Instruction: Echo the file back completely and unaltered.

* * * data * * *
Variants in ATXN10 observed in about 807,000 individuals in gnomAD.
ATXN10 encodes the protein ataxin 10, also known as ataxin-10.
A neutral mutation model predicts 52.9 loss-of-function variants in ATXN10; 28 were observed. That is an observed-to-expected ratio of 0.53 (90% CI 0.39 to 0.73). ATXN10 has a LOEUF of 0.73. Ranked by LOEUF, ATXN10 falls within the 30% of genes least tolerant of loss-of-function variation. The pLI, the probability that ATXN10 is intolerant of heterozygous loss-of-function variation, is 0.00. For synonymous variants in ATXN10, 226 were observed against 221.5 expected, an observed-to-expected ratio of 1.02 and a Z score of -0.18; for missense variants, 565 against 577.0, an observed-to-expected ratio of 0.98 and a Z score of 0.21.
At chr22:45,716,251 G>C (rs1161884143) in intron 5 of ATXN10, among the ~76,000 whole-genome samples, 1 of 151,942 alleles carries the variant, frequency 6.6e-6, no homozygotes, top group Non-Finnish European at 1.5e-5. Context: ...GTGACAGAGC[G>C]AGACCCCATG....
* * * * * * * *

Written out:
Variants in ATXN10 observed in about 807,000 individuals in gnomAD.
ATXN10 encodes the protein ataxin 10, also known as ataxin-10.
A neutral mutation model predicts 52.9 loss-of-function variants in ATXN10; 28 were observed. That is an observed-to-expected ratio of 0.53 (90% CI 0.39 to 0.73). ATXN10 has a LOEUF of 0.73. Ranked by LOEUF, ATXN10 falls within the 30% of genes least tolerant of loss-of-function variation. The pLI, the probability that ATXN10 is intolerant of heterozygous loss-of-function variation, is 0.00. For synonymous variants in ATXN10, 226 were observed against 221.5 expected, an observed-to-expected ratio of 1.02 and a Z score of -0.18; for missense variants, 565 against 577.0, an observed-to-expected ratio of 0.98 and a Z score of 0.21.
At chr22:45,716,251 G>C (rs1161884143) in intron 5 of ATXN10, among the ~76,000 whole-genome samples, 1 of 151,942 alleles carries the variant, frequency 6.6e-6, no homozygotes, top group Non-Finnish European at 1.5e-5. Context: ...GTGACAGAGC[G>C]AGACCCCATG....